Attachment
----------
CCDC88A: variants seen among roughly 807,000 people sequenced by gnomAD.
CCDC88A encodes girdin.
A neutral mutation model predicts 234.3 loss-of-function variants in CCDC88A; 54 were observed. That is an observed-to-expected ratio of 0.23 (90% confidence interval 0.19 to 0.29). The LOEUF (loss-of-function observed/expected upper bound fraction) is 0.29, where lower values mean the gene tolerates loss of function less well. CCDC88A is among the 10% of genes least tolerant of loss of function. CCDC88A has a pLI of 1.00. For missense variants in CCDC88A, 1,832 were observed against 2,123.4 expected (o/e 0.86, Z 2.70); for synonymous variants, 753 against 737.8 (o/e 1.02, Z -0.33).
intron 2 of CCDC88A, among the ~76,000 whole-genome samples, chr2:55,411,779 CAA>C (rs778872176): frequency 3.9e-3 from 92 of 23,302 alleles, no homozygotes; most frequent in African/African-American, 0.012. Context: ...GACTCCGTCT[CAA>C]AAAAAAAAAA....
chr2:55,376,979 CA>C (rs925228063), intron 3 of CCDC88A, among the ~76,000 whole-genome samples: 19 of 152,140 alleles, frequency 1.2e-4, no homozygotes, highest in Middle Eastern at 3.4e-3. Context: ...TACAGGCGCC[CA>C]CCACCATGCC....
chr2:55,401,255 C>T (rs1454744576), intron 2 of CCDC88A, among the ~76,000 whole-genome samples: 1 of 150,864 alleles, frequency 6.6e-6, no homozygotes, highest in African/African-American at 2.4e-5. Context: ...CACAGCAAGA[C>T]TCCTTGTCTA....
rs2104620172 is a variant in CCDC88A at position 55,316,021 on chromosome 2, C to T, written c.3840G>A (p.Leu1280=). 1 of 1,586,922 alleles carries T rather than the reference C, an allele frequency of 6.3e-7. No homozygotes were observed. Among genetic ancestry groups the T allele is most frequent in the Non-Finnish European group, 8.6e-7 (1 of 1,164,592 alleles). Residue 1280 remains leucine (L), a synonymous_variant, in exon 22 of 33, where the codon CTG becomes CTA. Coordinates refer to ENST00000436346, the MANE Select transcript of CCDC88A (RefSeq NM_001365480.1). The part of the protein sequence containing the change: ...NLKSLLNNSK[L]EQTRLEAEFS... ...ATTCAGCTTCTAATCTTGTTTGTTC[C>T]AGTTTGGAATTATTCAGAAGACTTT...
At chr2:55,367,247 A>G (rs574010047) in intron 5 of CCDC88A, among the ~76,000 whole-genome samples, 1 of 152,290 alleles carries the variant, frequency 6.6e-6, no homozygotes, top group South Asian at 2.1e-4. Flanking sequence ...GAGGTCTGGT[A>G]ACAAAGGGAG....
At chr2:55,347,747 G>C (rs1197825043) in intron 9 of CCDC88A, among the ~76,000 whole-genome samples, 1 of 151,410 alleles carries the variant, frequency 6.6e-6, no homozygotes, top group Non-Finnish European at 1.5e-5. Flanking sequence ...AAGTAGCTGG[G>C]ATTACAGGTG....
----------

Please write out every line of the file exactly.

CCDC88A: variants seen among roughly 807,000 people sequenced by gnomAD.
CCDC88A encodes girdin.
A neutral mutation model predicts 234.3 loss-of-function variants in CCDC88A; 54 were observed. That is an observed-to-expected ratio of 0.23 (90% confidence interval 0.19 to 0.29). The LOEUF (loss-of-function observed/expected upper bound fraction) is 0.29, where lower values mean the gene tolerates loss of function less well. CCDC88A is among the 10% of genes least tolerant of loss of function. CCDC88A has a pLI of 1.00. For missense variants in CCDC88A, 1,832 were observed against 2,123.4 expected (o/e 0.86, Z 2.70); for synonymous variants, 753 against 737.8 (o/e 1.02, Z -0.33).
intron 2 of CCDC88A, among the ~76,000 whole-genome samples, chr2:55,411,779 CAA>C (rs778872176): frequency 3.9e-3 from 92 of 23,302 alleles, no homozygotes; most frequent in African/African-American, 0.012. Context: ...GACTCCGTCT[CAA>C]AAAAAAAAAA....
chr2:55,376,979 CA>C (rs925228063), intron 3 of CCDC88A, among the ~76,000 whole-genome samples: 19 of 152,140 alleles, frequency 1.2e-4, no homozygotes, highest in Middle Eastern at 3.4e-3. Context: ...TACAGGCGCC[CA>C]CCACCATGCC....
chr2:55,401,255 C>T (rs1454744576), intron 2 of CCDC88A, among the ~76,000 whole-genome samples: 1 of 150,864 alleles, frequency 6.6e-6, no homozygotes, highest in African/African-American at 2.4e-5. Context: ...CACAGCAAGA[C>T]TCCTTGTCTA....
rs2104620172 is a variant in CCDC88A at position 55,316,021 on chromosome 2, C to T, written c.3840G>A (p.Leu1280=). 1 of 1,586,922 alleles carries T rather than the reference C, an allele frequency of 6.3e-7. No homozygotes were observed. Among genetic ancestry groups the T allele is most frequent in the Non-Finnish European group, 8.6e-7 (1 of 1,164,592 alleles). Residue 1280 remains leucine (L), a synonymous_variant, in exon 22 of 33, where the codon CTG becomes CTA. Coordinates refer to ENST00000436346, the MANE Select transcript of CCDC88A (RefSeq NM_001365480.1). The part of the protein sequence containing the change: ...NLKSLLNNSK[L]EQTRLEAEFS... ...ATTCAGCTTCTAATCTTGTTTGTTC[C>T]AGTTTGGAATTATTCAGAAGACTTT...
At chr2:55,367,247 A>G (rs574010047) in intron 5 of CCDC88A, among the ~76,000 whole-genome samples, 1 of 152,290 alleles carries the variant, frequency 6.6e-6, no homozygotes, top group South Asian at 2.1e-4. Flanking sequence ...GAGGTCTGGT[A>G]ACAAAGGGAG....
At chr2:55,347,747 G>C (rs1197825043) in intron 9 of CCDC88A, among the ~76,000 whole-genome samples, 1 of 151,410 alleles carries the variant, frequency 6.6e-6, no homozygotes, top group Non-Finnish European at 1.5e-5. Flanking sequence ...AAGTAGCTGG[G>C]ATTACAGGTG....